In teaching, McKen finds that she must use a different approach with adults than with children, who are generally more receptive to an oral tradition. But she feels that “if you are passionate enough about wanting something, regardless of what it is, you can get it. And I use myself as an example to tell other people. … ‘Go for it. Go for it. It’s there for you to receive; you can get it.’ ”

Bibliography Mason, John. Orin Orisa: Songs for Selected Heads. (Brooklyn, New York: Yoruba Theological Archministry, 1997.)
The Orisha Project: An audio & photo documentary of black Americans living the Yoruba traditional religion in The US. <http://orishaproject.tumblr.com/

Discography McKen, Amma. Alaako Oso: The Owner of Songs is Eloquent. CD Baby, 2012.

Watch

Amma D. McKen, 2009 National Heritage Fellowship Concert, Bethesda, Maryland, courtesy National Endowment for the Arts

Amma D. McKen, 2009 National Heritage Fellowship Concert, Bethesda, Maryland, courtesy National Endowment for the Arts


Listen

Amma McKen, 'Eleggua,' Alaako Oso: The Owner of Songs is Eloquent, CD Baby, 2012

Amma McKen, 'Oggun,' Alaako Oso: The Owner of Songs is Eloquent, CD Baby, 2012

Amma McKen, 'Oya,' Alaako Oso: The Owner of Songs is Eloquent, CD Baby, 2012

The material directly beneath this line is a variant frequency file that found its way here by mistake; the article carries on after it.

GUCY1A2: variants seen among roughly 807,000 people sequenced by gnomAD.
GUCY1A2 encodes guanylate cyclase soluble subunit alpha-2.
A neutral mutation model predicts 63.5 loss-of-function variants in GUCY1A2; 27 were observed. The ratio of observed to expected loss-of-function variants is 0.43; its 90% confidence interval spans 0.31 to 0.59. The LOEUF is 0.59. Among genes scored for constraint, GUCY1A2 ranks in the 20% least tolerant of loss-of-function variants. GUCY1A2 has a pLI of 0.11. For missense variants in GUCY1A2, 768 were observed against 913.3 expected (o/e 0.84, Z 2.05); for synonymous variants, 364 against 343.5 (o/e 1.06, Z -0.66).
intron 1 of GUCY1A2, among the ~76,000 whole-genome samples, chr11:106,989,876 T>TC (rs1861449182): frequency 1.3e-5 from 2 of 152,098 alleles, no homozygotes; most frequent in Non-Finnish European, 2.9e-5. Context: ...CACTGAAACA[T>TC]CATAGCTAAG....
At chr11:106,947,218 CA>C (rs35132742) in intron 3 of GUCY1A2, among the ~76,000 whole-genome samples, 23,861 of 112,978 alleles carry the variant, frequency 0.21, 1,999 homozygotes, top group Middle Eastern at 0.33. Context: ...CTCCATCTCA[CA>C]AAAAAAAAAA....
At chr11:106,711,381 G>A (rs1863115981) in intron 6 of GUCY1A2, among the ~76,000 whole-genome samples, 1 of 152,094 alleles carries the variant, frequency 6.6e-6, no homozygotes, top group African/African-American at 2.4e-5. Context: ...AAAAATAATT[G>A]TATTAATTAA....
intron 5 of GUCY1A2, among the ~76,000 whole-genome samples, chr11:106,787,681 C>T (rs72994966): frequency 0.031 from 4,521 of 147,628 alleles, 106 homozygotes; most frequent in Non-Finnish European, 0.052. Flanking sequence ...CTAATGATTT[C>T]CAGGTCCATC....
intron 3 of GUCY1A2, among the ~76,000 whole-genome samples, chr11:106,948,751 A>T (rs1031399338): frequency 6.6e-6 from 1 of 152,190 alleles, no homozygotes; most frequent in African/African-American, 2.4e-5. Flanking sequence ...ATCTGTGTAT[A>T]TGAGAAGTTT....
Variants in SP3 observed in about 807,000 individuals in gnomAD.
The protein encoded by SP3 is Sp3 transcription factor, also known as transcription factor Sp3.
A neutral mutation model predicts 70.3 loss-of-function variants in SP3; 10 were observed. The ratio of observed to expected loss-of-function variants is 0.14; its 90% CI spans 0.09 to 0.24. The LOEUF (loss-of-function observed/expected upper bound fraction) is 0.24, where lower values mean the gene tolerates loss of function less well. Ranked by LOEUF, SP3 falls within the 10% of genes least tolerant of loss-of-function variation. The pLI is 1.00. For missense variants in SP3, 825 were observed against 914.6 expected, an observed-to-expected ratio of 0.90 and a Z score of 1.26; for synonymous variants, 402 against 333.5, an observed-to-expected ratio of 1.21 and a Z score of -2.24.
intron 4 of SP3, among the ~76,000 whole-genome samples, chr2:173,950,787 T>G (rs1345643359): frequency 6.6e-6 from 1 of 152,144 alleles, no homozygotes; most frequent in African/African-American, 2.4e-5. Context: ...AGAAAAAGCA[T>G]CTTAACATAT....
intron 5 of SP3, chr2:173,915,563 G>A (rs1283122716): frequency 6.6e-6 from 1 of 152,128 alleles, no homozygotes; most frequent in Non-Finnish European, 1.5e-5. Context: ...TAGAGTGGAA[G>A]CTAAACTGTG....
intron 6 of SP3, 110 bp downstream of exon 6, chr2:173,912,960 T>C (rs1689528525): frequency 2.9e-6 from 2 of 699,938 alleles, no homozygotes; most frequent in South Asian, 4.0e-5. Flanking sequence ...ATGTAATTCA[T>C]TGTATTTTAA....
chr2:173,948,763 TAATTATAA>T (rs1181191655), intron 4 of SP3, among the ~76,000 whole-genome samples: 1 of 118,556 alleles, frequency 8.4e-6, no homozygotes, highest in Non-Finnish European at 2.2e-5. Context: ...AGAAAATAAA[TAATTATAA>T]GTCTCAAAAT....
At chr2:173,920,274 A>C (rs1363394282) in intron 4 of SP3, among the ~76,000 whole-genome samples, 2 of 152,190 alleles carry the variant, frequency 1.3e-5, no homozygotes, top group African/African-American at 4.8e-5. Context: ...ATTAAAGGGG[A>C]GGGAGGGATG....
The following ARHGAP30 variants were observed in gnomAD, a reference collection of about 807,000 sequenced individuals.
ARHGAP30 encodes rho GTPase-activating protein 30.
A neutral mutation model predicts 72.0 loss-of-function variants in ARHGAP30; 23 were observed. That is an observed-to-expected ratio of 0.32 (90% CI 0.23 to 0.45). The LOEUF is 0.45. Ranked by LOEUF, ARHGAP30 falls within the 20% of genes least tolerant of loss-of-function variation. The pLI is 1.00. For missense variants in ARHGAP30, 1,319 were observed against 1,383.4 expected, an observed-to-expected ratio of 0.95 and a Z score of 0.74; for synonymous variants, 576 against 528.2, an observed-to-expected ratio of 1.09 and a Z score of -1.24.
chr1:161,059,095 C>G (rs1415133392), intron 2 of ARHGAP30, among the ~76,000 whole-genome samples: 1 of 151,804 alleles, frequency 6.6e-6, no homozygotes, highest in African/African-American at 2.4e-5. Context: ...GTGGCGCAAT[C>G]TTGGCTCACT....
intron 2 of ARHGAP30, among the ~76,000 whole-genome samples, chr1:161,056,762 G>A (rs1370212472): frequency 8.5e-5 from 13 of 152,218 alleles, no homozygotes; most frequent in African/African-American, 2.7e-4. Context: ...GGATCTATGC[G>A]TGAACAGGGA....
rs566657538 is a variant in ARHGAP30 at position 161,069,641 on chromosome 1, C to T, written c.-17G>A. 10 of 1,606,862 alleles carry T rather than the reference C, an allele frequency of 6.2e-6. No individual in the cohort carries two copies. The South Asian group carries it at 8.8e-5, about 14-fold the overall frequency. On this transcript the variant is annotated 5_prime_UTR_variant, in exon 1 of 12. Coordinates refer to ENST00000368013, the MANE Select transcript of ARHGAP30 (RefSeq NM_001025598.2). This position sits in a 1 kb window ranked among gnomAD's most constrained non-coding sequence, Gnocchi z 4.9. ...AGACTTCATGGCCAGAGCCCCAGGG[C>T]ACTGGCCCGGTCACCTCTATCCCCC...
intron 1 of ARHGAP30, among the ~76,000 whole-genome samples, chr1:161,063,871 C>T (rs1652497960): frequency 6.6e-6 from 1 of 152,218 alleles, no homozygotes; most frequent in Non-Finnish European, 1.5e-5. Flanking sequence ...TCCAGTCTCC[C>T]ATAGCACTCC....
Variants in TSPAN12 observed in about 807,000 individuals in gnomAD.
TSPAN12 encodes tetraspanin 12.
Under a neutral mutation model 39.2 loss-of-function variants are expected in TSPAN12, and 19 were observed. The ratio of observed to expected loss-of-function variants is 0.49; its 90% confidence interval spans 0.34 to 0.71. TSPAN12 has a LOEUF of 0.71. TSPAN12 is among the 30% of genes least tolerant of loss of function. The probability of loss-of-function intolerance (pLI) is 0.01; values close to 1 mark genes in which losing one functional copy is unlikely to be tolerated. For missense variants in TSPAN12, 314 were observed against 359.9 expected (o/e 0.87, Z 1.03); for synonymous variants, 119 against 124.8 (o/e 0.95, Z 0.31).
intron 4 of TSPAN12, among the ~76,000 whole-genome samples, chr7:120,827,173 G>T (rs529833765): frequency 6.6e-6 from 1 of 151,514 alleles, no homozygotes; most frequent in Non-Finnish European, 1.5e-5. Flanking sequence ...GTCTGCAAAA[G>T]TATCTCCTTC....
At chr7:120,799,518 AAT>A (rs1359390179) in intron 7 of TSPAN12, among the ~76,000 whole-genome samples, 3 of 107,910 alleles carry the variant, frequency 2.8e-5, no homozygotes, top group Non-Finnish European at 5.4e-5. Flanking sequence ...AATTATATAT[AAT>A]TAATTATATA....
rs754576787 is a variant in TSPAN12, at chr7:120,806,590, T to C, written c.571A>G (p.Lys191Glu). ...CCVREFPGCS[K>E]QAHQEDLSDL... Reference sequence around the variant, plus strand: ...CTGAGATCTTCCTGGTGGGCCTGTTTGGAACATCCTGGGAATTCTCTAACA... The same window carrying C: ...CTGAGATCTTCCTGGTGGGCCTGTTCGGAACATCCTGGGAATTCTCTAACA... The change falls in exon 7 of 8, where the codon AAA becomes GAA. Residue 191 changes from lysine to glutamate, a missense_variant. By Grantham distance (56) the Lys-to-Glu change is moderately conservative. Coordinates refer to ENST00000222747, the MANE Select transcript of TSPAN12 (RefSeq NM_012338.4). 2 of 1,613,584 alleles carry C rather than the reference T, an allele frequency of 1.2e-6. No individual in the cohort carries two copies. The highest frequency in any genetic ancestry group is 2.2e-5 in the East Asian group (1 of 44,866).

Amma D. McKen talks about her upbringing. Interview by Alan Govenar, Bethesda, Maryland, September 23, 2009

Amma D. McKen answers the question 'Did you have a teacher?' Interview by Alan Govenar, Bethesda, Maryland, September 23, 2009

Amma D. McKen talks about the origins of her name, interview by Alan Govenar, Bethesda, Maryland, September 23, 2009

Amma D. McKen talks about Yoruba traditions in New York City, interview by Alan Govenar, Bethesda, Maryland, September 23, 2009

Amma D. McKen answers the question 'What is the Yoruba tradition?' Interview by Alan Govenar, Bethesda, Maryland, September 23, 2009

Amma D. McKen answers the question 'What are the practices of the Yoruba tradition?' Interview by Alan Govenar, Bethesda, Maryland, September 23, 2009

Amma D. McKen answers the question 'What are the song traditions of Yoruba?' Interview by Alan Govenar, Bethesda, Maryland, September 23, 2009

Amma D. McKen answers the question 'What is the meaning of Orisha?' Interview by Alan Govenar, Bethesda, Maryland, September 23, 2009

Amma D. McKen answers the question 'How do your Yoruba religious practices affect your day-to-day life?' Interview by Alan Govenar, Bethesda, Maryland, September 23, 2009

Amma D. McKen 'What are the relationships you have with 'God-children' and 'God-siblings?' Interview by Alan Govenar, Bethesda, Maryland, September 23, 2009

Amma D. McKen answers the question 'What's the connection today between Yoruba practices in New York City and those in Nigeria?' Interview by Alan Govenar, Bethesda, Maryland, September 23, 2009

Amma D. McKen answers the question 'How did Yoruba practices come to New York City?' Interview by Alan Govenar, Bethesda, Maryland, September 23, 2009

Amma D. McKen sings "Oshun," a song giving thanks for water. Interview by Alan Govenar, Bethesda, Maryland, September 23, 2009

Amma D. McKen answers the question 'What does it mean to you to be able to carry on the Yoruba tradition?' Interview by Alan Govenar, Bethesda, Maryland, September 23, 2009

Amma D. McKen answers the question 'What keeps you going?' Interview by Alan Govenar, Bethesda, Maryland, September 23, 2009